Monday, June 22, 2009

Emano-Unabia tandem in Misor for 2010?

Executive Editor

CAGAYAN DE ORO CITY – A top official of Padayon Pilipino has confirmed to a national broadsheet reporter, in an exclusive interview, that he is considering of running for vice governor in tandem with Cagayan de Oro City vice mayor Vicente Emano, who is reportedly eyeing again a seat as governor of the province.

Emano and Unabia is expected to battle it out in the gubernatorial and vice-gubernatorial race with former allies and incumbent governor of the province Oscar Moreno and his vice governor Norris Babierra.

Meanwhile, it was also learned that incumbent Gingoog mayor Ruthie de Lara Guingona is also eyeing for a congressional seat in the first district of the province.

De lara is also expected to battle it out with Moreno’s brother, Onyok Moreno, who is reportedly going for his first appearance in politics. Other aspirants in the second district include Lawyer Karen Lagbas, daughter of the late Congressman Danilo Lagbas and Moreno’s close ally, contractor Jimmy Caiña.

The next elections, according to political analysts in the province and observers would be an epic battle of former members of Padayon Pilipino. Moreno and some members of Padayon Pilipino coalition has already severed ties with Emano, it was learned.

In Gingoog City, provincial board member Wayne Militante is also going for the mayoralty position. Militante is now in his third and final term as member of the provincial board.

Emano’s ally, provincial board member Jeremy Pelaez who is also in his last term, is running for mayor in Medina reportedly against a Moreno’s candidate.

Jobert Pamisa, who is now identified with Emano is also eyeing for his second term against the former mayor, Intot Puertas, it was learned.

However, there are also suspicions that this is only a ploy of vice mayor Emano since the election is still very far and many developments could still happen. Emano, according to critics, is noted to be mislead his rivals in politics. In fact, in the last elections, top officials of the opposition, were having a puzzle what position was Emano's final decision to run. At the last minute they found out it was to be a vice mayor and it was already too late for the opposition to regroup to give the political honcho a close battle.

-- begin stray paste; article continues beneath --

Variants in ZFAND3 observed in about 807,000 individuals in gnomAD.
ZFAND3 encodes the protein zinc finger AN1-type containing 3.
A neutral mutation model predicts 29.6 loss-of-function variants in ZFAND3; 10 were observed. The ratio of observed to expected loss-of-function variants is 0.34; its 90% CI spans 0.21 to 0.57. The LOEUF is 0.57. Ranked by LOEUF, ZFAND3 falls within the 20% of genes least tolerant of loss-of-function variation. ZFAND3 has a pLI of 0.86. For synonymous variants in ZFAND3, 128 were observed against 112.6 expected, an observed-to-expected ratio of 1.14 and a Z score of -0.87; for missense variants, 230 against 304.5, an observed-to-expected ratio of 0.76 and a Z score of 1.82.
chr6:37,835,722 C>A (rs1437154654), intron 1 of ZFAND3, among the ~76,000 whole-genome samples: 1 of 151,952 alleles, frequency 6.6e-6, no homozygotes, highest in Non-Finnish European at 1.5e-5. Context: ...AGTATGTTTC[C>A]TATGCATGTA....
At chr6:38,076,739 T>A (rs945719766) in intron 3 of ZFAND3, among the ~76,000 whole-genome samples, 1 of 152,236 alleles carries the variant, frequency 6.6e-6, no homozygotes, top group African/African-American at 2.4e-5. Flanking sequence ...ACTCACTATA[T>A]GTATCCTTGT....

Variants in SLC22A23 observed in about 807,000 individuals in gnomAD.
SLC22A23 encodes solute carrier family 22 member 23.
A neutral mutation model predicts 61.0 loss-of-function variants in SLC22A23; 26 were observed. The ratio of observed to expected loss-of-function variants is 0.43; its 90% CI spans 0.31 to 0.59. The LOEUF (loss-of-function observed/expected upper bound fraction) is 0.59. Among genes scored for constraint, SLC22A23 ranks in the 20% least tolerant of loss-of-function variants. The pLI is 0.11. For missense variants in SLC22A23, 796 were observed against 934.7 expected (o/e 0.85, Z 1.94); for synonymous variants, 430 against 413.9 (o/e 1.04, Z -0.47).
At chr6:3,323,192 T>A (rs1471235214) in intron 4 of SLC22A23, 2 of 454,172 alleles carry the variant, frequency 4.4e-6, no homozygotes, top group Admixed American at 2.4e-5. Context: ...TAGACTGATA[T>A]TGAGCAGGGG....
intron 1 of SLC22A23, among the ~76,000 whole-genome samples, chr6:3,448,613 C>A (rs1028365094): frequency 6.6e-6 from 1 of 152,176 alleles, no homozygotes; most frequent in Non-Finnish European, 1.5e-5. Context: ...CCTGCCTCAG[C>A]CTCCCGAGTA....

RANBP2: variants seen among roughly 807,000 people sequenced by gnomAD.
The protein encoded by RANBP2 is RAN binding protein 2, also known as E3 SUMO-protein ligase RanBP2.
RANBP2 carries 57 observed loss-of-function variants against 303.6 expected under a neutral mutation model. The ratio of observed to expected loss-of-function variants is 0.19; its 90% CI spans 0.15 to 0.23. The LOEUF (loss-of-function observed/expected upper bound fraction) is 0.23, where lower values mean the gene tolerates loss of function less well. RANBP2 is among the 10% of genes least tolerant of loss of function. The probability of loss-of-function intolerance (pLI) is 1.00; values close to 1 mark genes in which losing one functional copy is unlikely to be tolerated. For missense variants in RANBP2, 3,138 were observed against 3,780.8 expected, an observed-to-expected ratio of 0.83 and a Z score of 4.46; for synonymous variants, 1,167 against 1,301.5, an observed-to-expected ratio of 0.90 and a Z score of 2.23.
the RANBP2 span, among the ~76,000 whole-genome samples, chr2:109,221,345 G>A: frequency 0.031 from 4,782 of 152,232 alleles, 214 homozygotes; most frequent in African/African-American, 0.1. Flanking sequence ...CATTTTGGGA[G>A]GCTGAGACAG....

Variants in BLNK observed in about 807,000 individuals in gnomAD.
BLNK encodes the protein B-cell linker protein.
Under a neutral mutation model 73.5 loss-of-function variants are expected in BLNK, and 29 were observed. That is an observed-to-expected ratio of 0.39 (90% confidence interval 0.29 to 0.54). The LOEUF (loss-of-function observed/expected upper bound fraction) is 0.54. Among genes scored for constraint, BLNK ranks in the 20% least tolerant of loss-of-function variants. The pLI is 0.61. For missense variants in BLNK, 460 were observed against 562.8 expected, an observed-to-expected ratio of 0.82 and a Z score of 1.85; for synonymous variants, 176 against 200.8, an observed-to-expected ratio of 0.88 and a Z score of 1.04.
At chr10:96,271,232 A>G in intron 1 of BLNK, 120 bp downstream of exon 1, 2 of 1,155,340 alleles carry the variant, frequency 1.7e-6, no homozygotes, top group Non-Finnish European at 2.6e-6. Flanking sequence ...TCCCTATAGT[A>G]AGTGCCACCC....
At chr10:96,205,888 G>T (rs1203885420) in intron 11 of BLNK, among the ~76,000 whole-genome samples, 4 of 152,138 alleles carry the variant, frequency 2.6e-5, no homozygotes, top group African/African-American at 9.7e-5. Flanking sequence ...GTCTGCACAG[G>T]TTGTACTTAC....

Editorial: What's A Mayor to Do?
Monday, July 13, 2009

JUST over a month ago, the City Government’s executive branch made a big fuss by penalizing 70 employees in various offices for being late, absent or remiss in their duties.
On Tuesday, July 14, its legislative branch will have seen the 100th time its head, the vice mayor, absents himself to dodge his duty as its regular chairman/presiding officer.
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Since he is also the city’s second highest official, it would be interesting how the administration handles a high-ranking recidivist and habitual slacker.
It would also be instructive to see how a Mayor who prides himself in being a lawyer and constitutionalist enforces checks-and-balances between executive and legislative.
If the city council is remiss in disciplining a ranking member, what does a mayor do to check his misbehavior and restore balance to legislative processes? Should he nudge the Councilors into imposing sanctions so the miscreant will act responsibly?
Or does parliamentary courtesy inhibit him from checking his vice mayor’s wrongdoing? Surely he knows about his dereliction, leaving a co-equal branch of government leaderless.
One hundred absences out of 102 sessions amount to an absentee record of 99.9%. How would this record play to the 70 employees earlier penalized for lesser offenses? And how justify to the people?
Vice Mayor Vicente Y. Emano’s near-perfect dropout record means he hasn’t contributed an iota of thought, idea or wisdom to the collegial process of deliberating upon legislative motions or ordinances – as he was elected to do. And, let’s face it, it also means he is dishonest and an opportunist.
First, he sought election to a post whose primary duty he did not intend to perform. . Second, he publicly swore to perform it faithfully, then violated it at least 100 times.
Third, he concocts a patently false alibi to excuse his absence -- citing “official business of equal importance” that no one believes. Fourth, he collects full pay, allowances and benefits for tasks outside his job description, such as holding court in radio stations and rushing where breaking news enable him to grandstand and upstage the mayor.
Fifth, he abuses official privilege and misuses public facilities and personnel for year-round politicking and party recruitment seminars. And sixth, despite clear intent never to perform his presiding duty, he retains the position – preventing it from becoming vacant so that a qualified and honest person can assume it on a regular basis.
Published in the Sun.Star Cagayan de Oro newspaper on July 13, 2009.

Thanks for your comment Roderick. We highly respect it.


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